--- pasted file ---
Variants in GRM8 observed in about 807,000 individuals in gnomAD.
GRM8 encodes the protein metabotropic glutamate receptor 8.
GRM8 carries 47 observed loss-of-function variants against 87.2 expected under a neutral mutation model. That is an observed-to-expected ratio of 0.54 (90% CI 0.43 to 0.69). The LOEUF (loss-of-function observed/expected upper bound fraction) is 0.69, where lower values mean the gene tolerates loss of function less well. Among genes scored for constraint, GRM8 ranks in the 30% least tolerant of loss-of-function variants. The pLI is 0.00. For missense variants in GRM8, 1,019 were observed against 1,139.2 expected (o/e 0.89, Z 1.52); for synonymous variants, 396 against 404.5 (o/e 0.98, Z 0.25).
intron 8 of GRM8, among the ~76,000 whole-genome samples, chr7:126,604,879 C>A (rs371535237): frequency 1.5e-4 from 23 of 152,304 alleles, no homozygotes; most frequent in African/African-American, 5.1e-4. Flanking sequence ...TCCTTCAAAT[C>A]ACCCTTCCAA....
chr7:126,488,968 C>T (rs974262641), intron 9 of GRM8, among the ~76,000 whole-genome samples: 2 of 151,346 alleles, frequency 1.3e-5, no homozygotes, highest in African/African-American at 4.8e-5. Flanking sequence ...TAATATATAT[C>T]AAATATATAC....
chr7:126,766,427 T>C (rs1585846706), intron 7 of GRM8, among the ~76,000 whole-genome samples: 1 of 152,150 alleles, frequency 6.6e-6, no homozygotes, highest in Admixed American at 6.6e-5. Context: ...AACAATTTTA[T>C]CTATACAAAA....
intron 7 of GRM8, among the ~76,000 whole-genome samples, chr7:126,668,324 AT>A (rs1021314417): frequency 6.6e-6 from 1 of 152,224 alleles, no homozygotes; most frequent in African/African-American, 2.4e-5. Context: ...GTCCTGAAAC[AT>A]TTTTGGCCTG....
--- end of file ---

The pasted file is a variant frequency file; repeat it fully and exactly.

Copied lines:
Variants in GRM8 observed in about 807,000 individuals in gnomAD.
GRM8 encodes the protein metabotropic glutamate receptor 8.
GRM8 carries 47 observed loss-of-function variants against 87.2 expected under a neutral mutation model. That is an observed-to-expected ratio of 0.54 (90% CI 0.43 to 0.69). The LOEUF (loss-of-function observed/expected upper bound fraction) is 0.69, where lower values mean the gene tolerates loss of function less well. Among genes scored for constraint, GRM8 ranks in the 30% least tolerant of loss-of-function variants. The pLI is 0.00. For missense variants in GRM8, 1,019 were observed against 1,139.2 expected (o/e 0.89, Z 1.52); for synonymous variants, 396 against 404.5 (o/e 0.98, Z 0.25).
intron 8 of GRM8, among the ~76,000 whole-genome samples, chr7:126,604,879 C>A (rs371535237): frequency 1.5e-4 from 23 of 152,304 alleles, no homozygotes; most frequent in African/African-American, 5.1e-4. Flanking sequence ...TCCTTCAAAT[C>A]ACCCTTCCAA....
chr7:126,488,968 C>T (rs974262641), intron 9 of GRM8, among the ~76,000 whole-genome samples: 2 of 151,346 alleles, frequency 1.3e-5, no homozygotes, highest in African/African-American at 4.8e-5. Flanking sequence ...TAATATATAT[C>T]AAATATATAC....
chr7:126,766,427 T>C (rs1585846706), intron 7 of GRM8, among the ~76,000 whole-genome samples: 1 of 152,150 alleles, frequency 6.6e-6, no homozygotes, highest in Admixed American at 6.6e-5. Context: ...AACAATTTTA[T>C]CTATACAAAA....
intron 7 of GRM8, among the ~76,000 whole-genome samples, chr7:126,668,324 AT>A (rs1021314417): frequency 6.6e-6 from 1 of 152,224 alleles, no homozygotes; most frequent in African/African-American, 2.4e-5. Context: ...GTCCTGAAAC[AT>A]TTTTGGCCTG....